The Archanea Series (also known as the Akanea Series or Akaneia Series) is a unofficial term used to describe the Fire Emblem games that are originally set on the continents of Archanea and Valentia (and their future versions, Ylisse and Valm, respectively). It includes the games Fire Emblem: Shadow Dragon and the Blade of Light, Fire Emblem Gaiden, Fire Emblem: Mystery of the Emblem, Fire Emblem: Archanea Saga, Fire Emblem Awakening and the remakes Fire Emblem: Shadow Dragon, Fire Emblem: New Mystery of the Emblem and Fire Emblem Echoes: Shadows of Valentia.
It is the first and so far only series in Fire Emblem history that is shown to take place on two different continents.
Mystery of the Emblem, comprised of two books, includes an enhanced remake of Shadow Dragon and the Blade of Light, along with a sequel to the original game. In the DS remake, New Mystery of the Emblem, the Shadow Dragon section is absent, but a remake of Archanea Saga is included, appearing as a bonus feature in Extra Mode.
- Fire Emblem: Shadow Dragon and the Blade of Light/Shadow Dragon - War of Shadows.
- Fire Emblem Gaiden/Echoes: Shadows of Valentia - Between Shadow Dragon and the Blade of Light and Mystery of the Emblem.
- Fire Emblem: Mystery of the Emblem/New Mystery of the Emblem - War of Heroes. Two years after Shadow Dragon and the Blade of Light.
- Fire Emblem Awakening - Two millenia after Mystery of the Emblem.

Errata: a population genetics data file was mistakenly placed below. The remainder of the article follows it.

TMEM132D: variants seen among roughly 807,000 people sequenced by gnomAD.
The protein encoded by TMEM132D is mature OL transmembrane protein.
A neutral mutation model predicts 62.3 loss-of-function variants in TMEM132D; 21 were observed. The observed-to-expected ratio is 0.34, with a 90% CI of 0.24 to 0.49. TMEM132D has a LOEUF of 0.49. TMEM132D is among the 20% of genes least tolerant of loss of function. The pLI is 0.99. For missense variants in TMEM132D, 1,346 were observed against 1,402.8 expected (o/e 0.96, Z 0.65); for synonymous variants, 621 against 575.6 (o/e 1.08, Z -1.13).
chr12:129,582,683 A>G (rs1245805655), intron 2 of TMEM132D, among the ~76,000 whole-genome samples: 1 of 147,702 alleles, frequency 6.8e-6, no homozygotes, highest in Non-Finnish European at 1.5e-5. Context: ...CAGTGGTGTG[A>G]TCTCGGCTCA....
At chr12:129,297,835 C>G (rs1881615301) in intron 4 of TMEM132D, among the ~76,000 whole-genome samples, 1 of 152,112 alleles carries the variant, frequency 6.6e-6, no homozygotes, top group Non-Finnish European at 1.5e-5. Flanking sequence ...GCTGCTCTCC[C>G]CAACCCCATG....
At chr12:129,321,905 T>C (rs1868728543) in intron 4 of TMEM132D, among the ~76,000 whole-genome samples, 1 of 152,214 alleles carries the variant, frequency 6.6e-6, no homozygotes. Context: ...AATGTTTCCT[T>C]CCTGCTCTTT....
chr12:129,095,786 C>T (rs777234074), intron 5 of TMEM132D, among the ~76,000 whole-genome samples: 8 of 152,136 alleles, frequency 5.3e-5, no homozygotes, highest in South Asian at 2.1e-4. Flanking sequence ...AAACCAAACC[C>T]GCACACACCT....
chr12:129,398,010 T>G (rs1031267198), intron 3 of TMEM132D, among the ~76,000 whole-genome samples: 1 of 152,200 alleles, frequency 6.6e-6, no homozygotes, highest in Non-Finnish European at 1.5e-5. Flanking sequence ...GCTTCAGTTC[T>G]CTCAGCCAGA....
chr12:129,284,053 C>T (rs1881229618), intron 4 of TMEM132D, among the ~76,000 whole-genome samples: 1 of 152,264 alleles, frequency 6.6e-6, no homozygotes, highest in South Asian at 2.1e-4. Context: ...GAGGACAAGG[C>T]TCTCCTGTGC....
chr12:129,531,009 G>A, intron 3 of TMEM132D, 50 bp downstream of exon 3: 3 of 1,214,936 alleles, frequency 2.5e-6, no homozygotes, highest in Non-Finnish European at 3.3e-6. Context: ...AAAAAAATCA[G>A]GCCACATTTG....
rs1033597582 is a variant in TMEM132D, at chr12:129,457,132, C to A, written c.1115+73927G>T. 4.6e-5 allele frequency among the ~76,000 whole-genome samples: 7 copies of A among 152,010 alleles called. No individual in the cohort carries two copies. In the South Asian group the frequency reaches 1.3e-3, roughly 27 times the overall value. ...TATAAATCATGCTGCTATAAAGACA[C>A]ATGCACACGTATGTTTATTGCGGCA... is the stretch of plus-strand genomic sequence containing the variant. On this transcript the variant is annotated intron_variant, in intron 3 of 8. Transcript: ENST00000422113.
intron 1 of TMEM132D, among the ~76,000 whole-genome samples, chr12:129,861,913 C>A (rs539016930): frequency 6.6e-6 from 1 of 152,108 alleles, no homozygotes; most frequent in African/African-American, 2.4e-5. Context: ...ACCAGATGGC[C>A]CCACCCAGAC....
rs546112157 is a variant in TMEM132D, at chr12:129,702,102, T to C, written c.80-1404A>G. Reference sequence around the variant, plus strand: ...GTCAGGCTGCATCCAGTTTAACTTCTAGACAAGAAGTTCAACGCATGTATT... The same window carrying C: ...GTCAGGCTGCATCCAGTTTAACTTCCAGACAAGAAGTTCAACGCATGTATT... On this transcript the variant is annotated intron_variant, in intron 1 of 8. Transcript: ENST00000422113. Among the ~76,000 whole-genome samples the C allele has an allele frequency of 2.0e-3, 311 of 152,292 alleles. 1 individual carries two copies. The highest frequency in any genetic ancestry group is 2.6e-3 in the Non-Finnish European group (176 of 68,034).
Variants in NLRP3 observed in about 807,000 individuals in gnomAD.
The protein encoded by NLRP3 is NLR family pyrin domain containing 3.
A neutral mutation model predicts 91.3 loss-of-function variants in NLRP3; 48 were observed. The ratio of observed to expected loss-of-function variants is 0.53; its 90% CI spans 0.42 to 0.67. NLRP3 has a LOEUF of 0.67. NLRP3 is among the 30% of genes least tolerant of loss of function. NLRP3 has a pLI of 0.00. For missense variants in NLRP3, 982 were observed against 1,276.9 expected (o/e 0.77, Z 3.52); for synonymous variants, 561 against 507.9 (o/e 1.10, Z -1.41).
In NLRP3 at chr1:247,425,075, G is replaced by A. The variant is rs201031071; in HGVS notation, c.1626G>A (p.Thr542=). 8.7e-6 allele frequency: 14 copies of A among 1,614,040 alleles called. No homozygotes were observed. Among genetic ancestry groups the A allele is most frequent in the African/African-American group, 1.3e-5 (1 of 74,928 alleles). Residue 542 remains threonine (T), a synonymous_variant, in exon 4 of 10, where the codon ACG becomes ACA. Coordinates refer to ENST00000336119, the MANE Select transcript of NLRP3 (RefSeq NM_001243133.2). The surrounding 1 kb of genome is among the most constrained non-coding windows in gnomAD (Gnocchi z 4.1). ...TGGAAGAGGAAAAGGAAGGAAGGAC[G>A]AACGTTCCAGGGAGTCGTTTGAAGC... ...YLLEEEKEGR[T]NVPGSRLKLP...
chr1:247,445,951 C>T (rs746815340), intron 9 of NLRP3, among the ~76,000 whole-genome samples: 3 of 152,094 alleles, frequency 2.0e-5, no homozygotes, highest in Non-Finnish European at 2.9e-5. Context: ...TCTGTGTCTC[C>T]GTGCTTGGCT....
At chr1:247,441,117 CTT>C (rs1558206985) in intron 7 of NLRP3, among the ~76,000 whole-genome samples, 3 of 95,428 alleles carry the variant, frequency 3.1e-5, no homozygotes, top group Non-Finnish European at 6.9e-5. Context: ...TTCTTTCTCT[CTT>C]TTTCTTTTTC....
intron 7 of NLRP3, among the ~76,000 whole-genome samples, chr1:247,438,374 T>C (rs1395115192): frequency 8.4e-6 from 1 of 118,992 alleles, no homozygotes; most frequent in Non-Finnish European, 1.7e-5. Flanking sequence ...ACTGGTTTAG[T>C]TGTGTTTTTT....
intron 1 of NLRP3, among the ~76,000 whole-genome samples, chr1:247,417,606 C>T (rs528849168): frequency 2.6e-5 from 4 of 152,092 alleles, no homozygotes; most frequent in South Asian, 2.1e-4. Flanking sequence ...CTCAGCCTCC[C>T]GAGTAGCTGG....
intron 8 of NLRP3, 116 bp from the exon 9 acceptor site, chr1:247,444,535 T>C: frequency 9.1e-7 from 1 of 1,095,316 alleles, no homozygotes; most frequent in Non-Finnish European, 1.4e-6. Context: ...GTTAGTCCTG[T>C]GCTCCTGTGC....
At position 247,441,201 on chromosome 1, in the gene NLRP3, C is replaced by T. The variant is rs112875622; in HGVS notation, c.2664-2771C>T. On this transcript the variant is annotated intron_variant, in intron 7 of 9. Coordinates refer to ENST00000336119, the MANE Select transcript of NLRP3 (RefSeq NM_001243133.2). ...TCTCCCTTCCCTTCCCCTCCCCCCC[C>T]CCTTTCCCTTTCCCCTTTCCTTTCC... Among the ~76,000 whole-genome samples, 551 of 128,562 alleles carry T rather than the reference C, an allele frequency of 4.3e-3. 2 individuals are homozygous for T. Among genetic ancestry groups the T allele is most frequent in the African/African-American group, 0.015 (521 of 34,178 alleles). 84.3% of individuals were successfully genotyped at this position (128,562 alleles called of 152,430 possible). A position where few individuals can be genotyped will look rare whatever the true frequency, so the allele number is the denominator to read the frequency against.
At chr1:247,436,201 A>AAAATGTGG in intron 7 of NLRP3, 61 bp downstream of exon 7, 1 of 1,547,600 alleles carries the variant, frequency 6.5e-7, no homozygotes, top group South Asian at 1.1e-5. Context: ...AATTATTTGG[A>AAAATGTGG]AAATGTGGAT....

Although both titles in which he appears in prior to Shadow Dragon were exclusive to Japan, Marth came to be the most famous character in the series, with his inclusion in the Super Smash Bros. series solidifying his look in subsequent appearances, including the DS remakes.
With Shadow Dragon only selling less than 200.000 units during its debut, New Mystery of the Emblem did not receive a Western release, making it the first title in the series to remain exclusive to Japan since Fire Emblem: The Binding Blade in 2002.
While fan reception was positive at the time, Gaiden's radical and short-lived shift in gameplay were often compared overtime to that of Zelda II: The Adventure of Link. While most of Gaidens new gameplay elements would be discarded in later entries, the concept of class evolution was retained throughout following entries, while the idea of a navigable overworld map and towns the player could visit was later explored in Fire Emblem: The Sacred Stones and Awakening to a certain degree.